Last week, we discussed how fear and anxieties can undermine our parenting. In this article, we move toward action, to get results and reduce our worry. Action is the secret to better behavior and better parenting. Real hope for a better home, a better set of habits, and better behavior is rooted in a better parenting game plan, with better actions and more clarity on your part.

Life sets limits on all of us and learning to live happily and effectively within them is a skill we acquire through our childhood experiences. More importantly, perhaps, we learn about responsibility by negotiating our way through these ‘life limits’ while thriving to do our best.

Most of us agree: Our children need rules and limits. Yet, we often get confused about the specifics of how and when to have rules, and what to do to enforce them! Even worse, we set the rules and then fail to remember them or require compliance. Here’s the answer!

The Simple System

Critical Mistake One: Too many rules.

The more rules you have in your home, the more violations of the rules that will occur. The more violations, the more frequently you have to end up managing your children’s behavior.

This leads to constant intervention, and decisions making about consequences. If you have a difficult or strong-willed child, this will mean you are frequently adding consequence upon the consequence, and the environment begins to feel very punitive and negative.

  • Solution: Have just a few essential rules.

Rather than dozens of rules, focus on the critical rules that will maintain structure and routine. If you understand how to manage behavior using the leverage you possess in your home, this is not too difficult to do. In fact, it is easier to manage your home, and to maintain order and sanity with just a few decisive rules, than it is when you have lots of rules that you can’t keep up with.

Critical Mistake Two: Setting rules that we don’t follow.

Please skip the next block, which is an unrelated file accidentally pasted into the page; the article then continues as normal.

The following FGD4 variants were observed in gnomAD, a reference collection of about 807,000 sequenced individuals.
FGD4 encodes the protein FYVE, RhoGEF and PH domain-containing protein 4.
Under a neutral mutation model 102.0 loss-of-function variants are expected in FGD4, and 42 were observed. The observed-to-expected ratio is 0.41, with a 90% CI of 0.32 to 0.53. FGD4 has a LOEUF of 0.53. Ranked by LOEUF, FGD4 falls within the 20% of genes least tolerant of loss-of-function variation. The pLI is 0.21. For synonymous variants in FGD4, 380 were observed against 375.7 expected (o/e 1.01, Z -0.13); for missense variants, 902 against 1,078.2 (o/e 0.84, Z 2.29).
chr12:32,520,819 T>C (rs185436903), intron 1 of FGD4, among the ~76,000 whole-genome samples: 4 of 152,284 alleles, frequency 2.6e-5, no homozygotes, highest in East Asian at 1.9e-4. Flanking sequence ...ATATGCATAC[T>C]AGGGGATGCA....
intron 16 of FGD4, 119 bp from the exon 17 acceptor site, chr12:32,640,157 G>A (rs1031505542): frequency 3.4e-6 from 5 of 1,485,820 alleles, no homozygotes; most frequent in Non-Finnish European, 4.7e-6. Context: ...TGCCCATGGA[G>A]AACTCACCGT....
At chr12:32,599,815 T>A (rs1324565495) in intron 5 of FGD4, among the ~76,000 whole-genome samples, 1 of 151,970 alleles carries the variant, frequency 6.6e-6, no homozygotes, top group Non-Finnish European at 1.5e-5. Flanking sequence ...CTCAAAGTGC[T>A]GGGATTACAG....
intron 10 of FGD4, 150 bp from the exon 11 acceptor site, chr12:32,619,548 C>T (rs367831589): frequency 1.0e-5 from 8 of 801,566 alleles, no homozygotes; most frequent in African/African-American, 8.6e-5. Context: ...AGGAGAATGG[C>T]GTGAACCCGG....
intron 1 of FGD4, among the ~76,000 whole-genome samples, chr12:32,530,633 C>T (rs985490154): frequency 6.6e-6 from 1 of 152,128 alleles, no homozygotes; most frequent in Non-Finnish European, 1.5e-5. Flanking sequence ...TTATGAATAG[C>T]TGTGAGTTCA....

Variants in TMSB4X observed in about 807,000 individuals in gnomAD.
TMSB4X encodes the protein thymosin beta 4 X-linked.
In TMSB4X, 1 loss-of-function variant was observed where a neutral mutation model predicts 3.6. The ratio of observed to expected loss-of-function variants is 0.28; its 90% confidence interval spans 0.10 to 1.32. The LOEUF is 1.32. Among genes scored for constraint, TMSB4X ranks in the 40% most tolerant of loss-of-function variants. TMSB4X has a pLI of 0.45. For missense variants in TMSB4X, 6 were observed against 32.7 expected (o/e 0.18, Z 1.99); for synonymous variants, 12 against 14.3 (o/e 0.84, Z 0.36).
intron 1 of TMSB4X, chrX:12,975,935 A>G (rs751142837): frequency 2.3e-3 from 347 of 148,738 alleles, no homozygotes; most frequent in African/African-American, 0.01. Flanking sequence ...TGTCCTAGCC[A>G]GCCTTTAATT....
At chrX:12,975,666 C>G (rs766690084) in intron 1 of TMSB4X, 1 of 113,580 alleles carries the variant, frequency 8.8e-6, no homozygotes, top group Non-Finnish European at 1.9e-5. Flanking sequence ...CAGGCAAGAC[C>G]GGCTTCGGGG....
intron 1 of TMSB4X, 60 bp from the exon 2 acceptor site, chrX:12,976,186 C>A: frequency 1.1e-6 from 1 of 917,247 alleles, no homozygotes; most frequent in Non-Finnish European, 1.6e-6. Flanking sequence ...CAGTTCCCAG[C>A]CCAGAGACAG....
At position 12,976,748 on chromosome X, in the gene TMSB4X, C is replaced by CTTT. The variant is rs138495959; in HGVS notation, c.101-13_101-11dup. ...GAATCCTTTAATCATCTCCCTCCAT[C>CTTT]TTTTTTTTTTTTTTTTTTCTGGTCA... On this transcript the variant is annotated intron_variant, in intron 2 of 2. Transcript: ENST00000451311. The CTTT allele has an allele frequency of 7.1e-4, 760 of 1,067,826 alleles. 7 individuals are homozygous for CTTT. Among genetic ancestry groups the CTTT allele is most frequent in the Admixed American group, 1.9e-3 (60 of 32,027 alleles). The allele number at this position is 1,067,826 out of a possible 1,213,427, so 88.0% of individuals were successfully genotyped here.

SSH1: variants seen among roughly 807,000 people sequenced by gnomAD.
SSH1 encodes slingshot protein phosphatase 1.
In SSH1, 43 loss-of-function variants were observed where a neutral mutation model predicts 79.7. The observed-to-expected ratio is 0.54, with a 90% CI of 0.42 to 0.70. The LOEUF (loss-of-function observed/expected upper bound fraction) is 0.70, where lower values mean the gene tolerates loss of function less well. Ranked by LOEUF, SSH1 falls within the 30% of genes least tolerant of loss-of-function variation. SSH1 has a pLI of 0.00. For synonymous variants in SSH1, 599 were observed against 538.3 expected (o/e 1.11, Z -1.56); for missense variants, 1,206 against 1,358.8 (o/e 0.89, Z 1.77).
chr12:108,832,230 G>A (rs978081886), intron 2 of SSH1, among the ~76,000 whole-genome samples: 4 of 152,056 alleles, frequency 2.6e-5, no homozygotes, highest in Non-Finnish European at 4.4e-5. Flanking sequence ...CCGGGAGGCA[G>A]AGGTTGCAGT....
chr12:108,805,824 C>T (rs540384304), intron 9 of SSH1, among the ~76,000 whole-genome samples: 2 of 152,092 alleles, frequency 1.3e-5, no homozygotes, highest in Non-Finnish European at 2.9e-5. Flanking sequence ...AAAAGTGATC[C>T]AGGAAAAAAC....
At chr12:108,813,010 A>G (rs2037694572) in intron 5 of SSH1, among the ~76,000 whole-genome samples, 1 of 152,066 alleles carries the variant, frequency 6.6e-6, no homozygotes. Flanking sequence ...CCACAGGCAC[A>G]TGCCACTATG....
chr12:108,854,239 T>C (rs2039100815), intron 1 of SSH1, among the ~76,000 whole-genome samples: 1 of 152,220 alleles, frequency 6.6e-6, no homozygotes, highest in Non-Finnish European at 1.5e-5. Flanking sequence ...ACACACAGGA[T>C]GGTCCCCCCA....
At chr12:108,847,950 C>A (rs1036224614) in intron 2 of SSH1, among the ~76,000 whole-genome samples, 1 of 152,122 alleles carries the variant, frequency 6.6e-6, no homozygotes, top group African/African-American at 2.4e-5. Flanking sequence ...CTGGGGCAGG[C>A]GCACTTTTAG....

This is one of the biggest mistakes that we make. We establish guidelines for our children, and when we violate them repeatedly.

For example, we might set the rule that there is no disrespectful talk in our home. Yet, when our children aren’t listening, we’re willing to compromise that rule for ourselves and we yell in an ugly voice to our children. We may not think of this as disrespect, but if we had a video camera sitting on our child’s forehead and we played it back for the world to see…. I suspect that it would appear quite disrespectful.

Another common example would be a rule that says that we don’t eat in front of the TV. Yet, our children repeatedly finding us gleefully chomping down a late-night snack in front of some late-night show, and then we pretend that this won’t matter.

We tell the children they are getting pudgy, and so we limit their snacks. Yet, they see us failing to exercise and putting on the pounds, while we eat chips and ice cream during the ball games.

We can all pretend these little things don’t matter. It does matter.

  • Solution: We walk our talk.

If we set a rule, then we have got to be willing to follow it ourselves. Now there are certain rules that apply to children that don’t apply to adults. Many of these are built into every fabric and structure of our lives, and thus children see it repeated over and over. These are not problematic, because…like it or not… they reflect reality.

The problem occurs in more of the ongoing, day-to-day routines where we expect our children to do one thing, and then we do another. It’s just hard to keep a household going in a peaceful, loving way when we set up our lives in this manner.

Critical Mistake Three: Setting rules that do not reflect reality.

I find that every parent has a positive intention behind their rules. However, many of these rules do not reflect the reality we live in, and thus often waste both parent and child energy.

For example, we can waste extraordinary amounts of energy by focusing on rules that are arbitrary and have no real-life parallel. Examples could be, “At our home, you don’t eat with your elbows on the table.” Or, “You must put away your shoes first, and then you can hang up your coat.”

  • Solution: Have reality-based rules.

“You can’t eat unless you wash your hands.” Learning to wash our hands before eating tends to be supportive of health. Good rule.

“You lose it…if you throw it inside.” Good rule. It preserves what we care about.

“You will repair it, or replace it, if you have a tantrum and break it.” Good rule. Again…it parallels what happens in the real world.

The more we can stick with reality, the more we establish rules that really make sense, and more importantly, reality-based rules prepare our children for the future.

Remember: Keep it simple. Minimize the number of rules. Walk your talk and keep focused on rules that reflect reality.

Pointer to More: Rules are not enough.

We must enforce the limits stated in any rule with consequences. Otherwise, the limits are more like a wish, than a real limit.

And, if you are honoring this entire system, you will not need many consequences. Just a few effective ones. That will do.

This is just a start, but this will help you move from fear…to a more action-based plan that works.